Dacres keeps to the form book, follows Stahl into discus final

By September 28, 2019
Fedrick Dacres, of Jamaica, competes in the men's discus throw at the World Athletics Championships in Doha, Qatar, Saturday, Sept. 28, 2019. Fedrick Dacres, of Jamaica, competes in the men's discus throw at the World Athletics Championships in Doha, Qatar, Saturday, Sept. 28, 2019. AP Photo/David J. Phillip

Jamaica’s Fedrick Dacres just missed the automatic qualification mark for the final of the discus at the IAAF World Championships of Athletics on Saturday in Doha, Qatar but looked every bit like a medal contender. 

Dacres first throw of the afternoon, fell some 65.44 metres out, leaving him just six milimetres from automatic qualification but nobody else got as close over two groups, except for Sweden’s Daniel Stahl, who nonchalantly hurled the discus out to 67.88 metres to give himself an early day.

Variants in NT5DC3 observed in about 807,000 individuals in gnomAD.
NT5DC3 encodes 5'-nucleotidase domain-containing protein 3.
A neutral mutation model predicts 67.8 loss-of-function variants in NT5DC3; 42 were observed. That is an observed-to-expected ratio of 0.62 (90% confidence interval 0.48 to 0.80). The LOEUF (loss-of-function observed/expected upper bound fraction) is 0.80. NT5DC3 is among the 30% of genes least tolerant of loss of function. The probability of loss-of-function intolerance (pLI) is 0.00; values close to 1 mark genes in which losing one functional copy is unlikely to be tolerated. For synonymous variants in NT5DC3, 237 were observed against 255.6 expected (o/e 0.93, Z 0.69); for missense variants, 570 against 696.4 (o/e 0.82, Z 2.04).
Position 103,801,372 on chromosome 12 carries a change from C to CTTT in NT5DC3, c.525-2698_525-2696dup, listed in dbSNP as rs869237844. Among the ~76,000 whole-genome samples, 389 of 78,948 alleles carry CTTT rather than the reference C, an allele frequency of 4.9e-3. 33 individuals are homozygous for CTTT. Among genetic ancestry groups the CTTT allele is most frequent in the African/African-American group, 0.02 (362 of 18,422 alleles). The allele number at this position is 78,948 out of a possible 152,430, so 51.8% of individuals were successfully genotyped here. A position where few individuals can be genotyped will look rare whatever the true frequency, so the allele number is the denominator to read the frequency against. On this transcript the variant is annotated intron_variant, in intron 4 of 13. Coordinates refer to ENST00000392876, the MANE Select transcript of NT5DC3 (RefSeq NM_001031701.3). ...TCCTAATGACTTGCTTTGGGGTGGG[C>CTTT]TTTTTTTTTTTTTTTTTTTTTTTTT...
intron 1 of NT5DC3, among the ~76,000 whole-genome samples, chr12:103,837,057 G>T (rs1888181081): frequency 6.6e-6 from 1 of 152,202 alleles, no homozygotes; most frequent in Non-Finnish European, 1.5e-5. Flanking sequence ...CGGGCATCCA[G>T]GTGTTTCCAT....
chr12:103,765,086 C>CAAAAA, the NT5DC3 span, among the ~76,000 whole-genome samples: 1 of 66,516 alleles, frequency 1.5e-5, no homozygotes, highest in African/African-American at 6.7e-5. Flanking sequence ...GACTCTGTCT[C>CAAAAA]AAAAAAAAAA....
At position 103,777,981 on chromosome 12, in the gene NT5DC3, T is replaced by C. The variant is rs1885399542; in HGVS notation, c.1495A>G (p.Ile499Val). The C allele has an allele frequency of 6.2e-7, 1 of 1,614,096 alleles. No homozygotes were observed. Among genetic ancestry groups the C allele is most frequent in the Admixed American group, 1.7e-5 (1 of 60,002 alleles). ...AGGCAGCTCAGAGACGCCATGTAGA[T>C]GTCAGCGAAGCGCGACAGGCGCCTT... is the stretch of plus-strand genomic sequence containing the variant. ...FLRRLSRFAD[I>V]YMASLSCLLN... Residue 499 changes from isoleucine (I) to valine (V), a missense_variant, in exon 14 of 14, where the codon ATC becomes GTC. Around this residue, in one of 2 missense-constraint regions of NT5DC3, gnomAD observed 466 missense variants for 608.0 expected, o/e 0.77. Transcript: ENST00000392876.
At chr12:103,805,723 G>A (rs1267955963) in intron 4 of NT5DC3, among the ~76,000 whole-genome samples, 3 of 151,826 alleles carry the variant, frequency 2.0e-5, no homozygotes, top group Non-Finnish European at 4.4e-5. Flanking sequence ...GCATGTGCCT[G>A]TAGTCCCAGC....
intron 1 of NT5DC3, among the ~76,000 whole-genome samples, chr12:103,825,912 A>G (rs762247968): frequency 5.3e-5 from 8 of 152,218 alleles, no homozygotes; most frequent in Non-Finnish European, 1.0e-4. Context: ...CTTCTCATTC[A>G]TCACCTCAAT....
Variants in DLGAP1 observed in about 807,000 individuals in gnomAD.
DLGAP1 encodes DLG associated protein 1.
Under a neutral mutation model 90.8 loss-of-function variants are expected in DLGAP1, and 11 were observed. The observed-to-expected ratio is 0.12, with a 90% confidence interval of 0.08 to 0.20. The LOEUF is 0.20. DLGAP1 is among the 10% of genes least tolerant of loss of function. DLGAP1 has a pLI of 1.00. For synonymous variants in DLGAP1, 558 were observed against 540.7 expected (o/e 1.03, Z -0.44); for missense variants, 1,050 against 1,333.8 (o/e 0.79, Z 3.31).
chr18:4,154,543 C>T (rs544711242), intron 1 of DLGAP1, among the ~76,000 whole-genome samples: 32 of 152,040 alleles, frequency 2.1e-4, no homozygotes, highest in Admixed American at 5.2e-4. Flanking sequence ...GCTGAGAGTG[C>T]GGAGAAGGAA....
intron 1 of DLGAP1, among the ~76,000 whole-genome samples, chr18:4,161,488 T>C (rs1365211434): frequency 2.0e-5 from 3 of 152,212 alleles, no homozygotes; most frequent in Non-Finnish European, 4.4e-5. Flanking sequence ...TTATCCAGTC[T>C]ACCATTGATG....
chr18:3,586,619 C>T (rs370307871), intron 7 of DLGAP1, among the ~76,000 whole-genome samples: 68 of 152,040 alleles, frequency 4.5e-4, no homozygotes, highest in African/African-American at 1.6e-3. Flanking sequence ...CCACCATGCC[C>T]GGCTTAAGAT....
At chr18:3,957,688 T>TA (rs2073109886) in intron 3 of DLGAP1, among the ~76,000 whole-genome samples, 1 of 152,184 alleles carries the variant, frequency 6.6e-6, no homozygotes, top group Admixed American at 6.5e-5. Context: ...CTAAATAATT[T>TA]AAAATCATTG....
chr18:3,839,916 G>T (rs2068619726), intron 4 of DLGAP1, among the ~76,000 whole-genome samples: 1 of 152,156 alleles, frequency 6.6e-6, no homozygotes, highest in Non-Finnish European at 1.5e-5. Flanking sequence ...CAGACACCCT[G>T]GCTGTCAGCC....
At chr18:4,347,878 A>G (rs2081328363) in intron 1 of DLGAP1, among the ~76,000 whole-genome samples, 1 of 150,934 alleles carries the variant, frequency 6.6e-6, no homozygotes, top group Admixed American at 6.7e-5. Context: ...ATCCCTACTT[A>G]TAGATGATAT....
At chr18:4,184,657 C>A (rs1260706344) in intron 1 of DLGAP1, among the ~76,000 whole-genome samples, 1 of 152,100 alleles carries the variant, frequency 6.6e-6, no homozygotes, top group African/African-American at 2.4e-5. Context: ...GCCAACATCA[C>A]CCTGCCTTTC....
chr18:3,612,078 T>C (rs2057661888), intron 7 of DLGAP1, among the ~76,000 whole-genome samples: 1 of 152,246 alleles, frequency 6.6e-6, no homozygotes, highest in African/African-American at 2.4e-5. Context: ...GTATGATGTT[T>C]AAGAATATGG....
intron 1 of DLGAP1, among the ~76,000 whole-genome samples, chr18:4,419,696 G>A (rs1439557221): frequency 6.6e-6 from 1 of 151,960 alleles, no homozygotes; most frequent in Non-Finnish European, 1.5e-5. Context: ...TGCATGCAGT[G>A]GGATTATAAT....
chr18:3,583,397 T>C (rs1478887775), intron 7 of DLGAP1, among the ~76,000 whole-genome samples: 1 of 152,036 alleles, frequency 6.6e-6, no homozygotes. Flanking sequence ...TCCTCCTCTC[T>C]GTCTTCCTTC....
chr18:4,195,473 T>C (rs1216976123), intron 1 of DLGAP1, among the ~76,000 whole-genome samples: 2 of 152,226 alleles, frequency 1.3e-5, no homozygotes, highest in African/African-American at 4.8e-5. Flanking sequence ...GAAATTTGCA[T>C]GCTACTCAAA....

Qualifying with the third biggest throw was Australia’s Matthew Denny (65.08) and Romania’s Alin Fifirica (65.05). The four were the only athletes over 65 metres on a day when most people were not able to produce their best throws.

The other Jamaicans in the field, Traves Smikle (62.93) and Chad Wright (60.60), finished outside of the 12 qualification spots.

Also through to the final are Iran’s Ehsan Hadadi (64.84), Norway’s Ola Stunes Isene (64.54), Cyprus’ Apostolos Parellis (64.50) Lithuania’s Andrius GUDŽIUS (64.14), the United States’ Sam Mattis (63.96), Sweden’s Simon Pettersson (63.65), Germany’s Martin Weirig (63.65), and Austria’s Lukas Weisshaidinger (63.31).  

Paul-Andre Walker